One thing you’ll notice about the movie is the brilliance of it’s stripped back aesthetic. The movie doesn’t rely heavily on jump scares, dramatic lighting, nor music cues to heighten the tension of the movie. It all builds naturally through the atmosphere in the movie, and seeing the slow degradation of Regan over time. In fact, despite having one of the horror genre’s most famous musical themes (courtesy of Mike Oldfield), the film is devoid of any background music, giving it a stark realism it might not otherwise have had. The cinematography also brilliantly conveys a natural, unfiltered dread as well. Shot with mostly natural, diffused light, the film has this coldness that permeates the entire movie. By the time you get to the exorcism finale, you have already been immersed in this moody, oppressive atmosphere long enough that you forget you’re watching a movie and instead feel like your seeing real life unfold; and it’s terrifying. The cast likewise brilliantly adds to the level of authenticity to the production. While veterans like Max von Sydow, Ellen Burstyn, and Lee J. Cobb all give exceptional performances, it’s Linda Blair in her breakout role that really makes the movie memorable. The fact that an actress of her young age had to endure such painstaking feats in order to make you buy into her possession, including the groundbreaking make-up by Dick Smith, is really something amazing. You see this little girl completely disappear into this demonic monster, and it is the stuff of nightmares. Whether she’s mutilating herself with a crucifix, twisting her head all the way around, or floating feet off of her bed, Regan’s presence on screen has come to define the genre since. Special mention should also go to actress Mercedes McCambridge, who went un-credited as the voice of the demon. Her gravely delivery further drives home the chilling transformation. The movie is considered a classic for all the right reasons, and it’s iconic status is rightfully deserved. Few other movies in the horror genre can claim to be half as effective or scary as this restrained masterpiece.
EXORCIST II: THE HERETIC (1977)
Directed by John Boorman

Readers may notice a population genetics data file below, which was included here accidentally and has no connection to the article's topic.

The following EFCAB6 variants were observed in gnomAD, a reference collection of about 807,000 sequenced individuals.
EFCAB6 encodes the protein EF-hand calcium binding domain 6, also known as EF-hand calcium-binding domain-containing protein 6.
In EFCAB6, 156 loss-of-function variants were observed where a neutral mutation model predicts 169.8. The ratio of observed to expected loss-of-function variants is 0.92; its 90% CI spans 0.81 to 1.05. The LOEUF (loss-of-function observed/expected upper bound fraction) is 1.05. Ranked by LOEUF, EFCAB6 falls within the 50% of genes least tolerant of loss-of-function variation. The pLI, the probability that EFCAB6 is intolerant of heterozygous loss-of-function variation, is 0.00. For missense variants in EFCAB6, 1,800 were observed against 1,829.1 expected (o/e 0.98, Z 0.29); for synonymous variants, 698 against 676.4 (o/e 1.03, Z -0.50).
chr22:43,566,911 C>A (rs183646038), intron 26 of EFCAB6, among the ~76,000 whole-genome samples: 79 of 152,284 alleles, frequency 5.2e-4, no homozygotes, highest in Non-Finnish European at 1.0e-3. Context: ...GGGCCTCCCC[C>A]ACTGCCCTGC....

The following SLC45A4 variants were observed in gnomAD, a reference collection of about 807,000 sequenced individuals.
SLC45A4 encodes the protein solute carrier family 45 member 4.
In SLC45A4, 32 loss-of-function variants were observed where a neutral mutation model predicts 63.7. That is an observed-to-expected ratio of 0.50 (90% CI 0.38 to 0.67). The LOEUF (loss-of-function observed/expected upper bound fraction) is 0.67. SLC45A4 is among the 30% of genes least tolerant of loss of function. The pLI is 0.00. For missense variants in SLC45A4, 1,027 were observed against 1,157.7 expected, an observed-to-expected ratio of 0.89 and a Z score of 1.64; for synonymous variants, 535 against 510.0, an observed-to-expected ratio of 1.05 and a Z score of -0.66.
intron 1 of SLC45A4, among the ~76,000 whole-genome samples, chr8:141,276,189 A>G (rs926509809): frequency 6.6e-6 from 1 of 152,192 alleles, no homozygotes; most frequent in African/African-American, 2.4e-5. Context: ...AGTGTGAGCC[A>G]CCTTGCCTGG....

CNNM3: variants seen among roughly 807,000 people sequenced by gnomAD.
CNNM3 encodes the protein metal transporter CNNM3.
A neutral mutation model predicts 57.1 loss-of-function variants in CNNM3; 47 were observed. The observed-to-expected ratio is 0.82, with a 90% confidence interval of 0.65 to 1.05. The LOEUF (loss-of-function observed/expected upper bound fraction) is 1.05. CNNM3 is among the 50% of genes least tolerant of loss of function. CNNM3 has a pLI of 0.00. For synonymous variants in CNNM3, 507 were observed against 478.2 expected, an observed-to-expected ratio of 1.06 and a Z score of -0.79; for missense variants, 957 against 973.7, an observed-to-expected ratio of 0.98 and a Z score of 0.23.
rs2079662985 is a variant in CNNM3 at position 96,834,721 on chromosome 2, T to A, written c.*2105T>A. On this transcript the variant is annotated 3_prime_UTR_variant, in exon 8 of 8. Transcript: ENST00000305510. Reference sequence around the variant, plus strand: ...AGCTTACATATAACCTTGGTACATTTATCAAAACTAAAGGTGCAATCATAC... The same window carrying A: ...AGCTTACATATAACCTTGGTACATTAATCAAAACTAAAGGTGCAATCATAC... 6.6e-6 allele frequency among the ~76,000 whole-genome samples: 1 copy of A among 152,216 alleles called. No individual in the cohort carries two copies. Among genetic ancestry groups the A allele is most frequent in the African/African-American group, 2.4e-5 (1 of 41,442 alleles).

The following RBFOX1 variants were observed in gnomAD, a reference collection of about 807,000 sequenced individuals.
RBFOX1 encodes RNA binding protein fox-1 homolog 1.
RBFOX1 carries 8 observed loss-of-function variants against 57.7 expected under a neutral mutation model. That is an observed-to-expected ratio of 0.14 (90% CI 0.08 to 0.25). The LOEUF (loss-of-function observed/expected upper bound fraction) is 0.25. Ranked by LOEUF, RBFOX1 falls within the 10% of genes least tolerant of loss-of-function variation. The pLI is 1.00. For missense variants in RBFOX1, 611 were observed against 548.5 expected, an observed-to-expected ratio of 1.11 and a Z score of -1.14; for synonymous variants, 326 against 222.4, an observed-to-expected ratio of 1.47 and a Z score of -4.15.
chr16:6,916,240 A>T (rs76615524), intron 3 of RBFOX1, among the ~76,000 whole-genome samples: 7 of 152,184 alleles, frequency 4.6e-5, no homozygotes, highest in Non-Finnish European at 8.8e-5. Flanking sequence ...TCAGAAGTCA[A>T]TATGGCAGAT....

Everything about the first Exorcist was justifiably celebrated; the atmosphere, the performances, the direction, everything. But, what was most celebrated was the subtlety, and matter of fact-ness that it approached it’s subject matter with. Now, imagine a sequel that was devoid of all that subtlety, as well as lacking any restraint whatsoever. That is what we got with Exorcist II; not just one of the worst sequels to a horror movie ever made, but also one of the most baffling. Director John Boorman brought his own cinematic style, which tended to favor the surreal over the terrifying, which he honed on quirky cult classics like Zardoz (1974). While his style works just fine for films like Zardoz and later Excalibur (1981), it proved to be a terrible match for the Exorcist. Linda Blair returns as Regan, who is now seeking therapy worrying that the demon who possessed her is still there. She is also investigated by newcomer, Father Lamont (Richard Burton), who is seeking answers in the “spoilers” death of Father Merrin from the previous movie (Max von Sydow also returns in a few brief flashbacks). The movie sets much of the action with the mental clinic that’s treating Regan, and the overly stylized setting as well as the flashy way in which it is used points to exactly why this movie failed. It forgets exactly what made the original so terrifying, which was the show of restraint on the part of the filmmakers which heightened the realism. Here, Boorman wants you to notice his direction, and while the movie is at times beautifully shot, it is never in any way scary. The only redeeming value of the film is that it misses the mark so badly, that it can sometimes be hilarious to watch; but again that reflects terribly on it’s connection to the original. It’s flashy and garish, and in no ways feels like a natural continuation of the original. Richard Burton’s barely caring performance doesn’t help much either. It should’ve been obvious to John Boorman that a swarm of locusts doesn’t come anywhere near as being scary as a possessed child vomiting green projectile while strapped to a bed. And it’s a lesson in cinema showing that style cannot support moments of horror alone. the more natural approach it turns out makes a movie much more terrifying.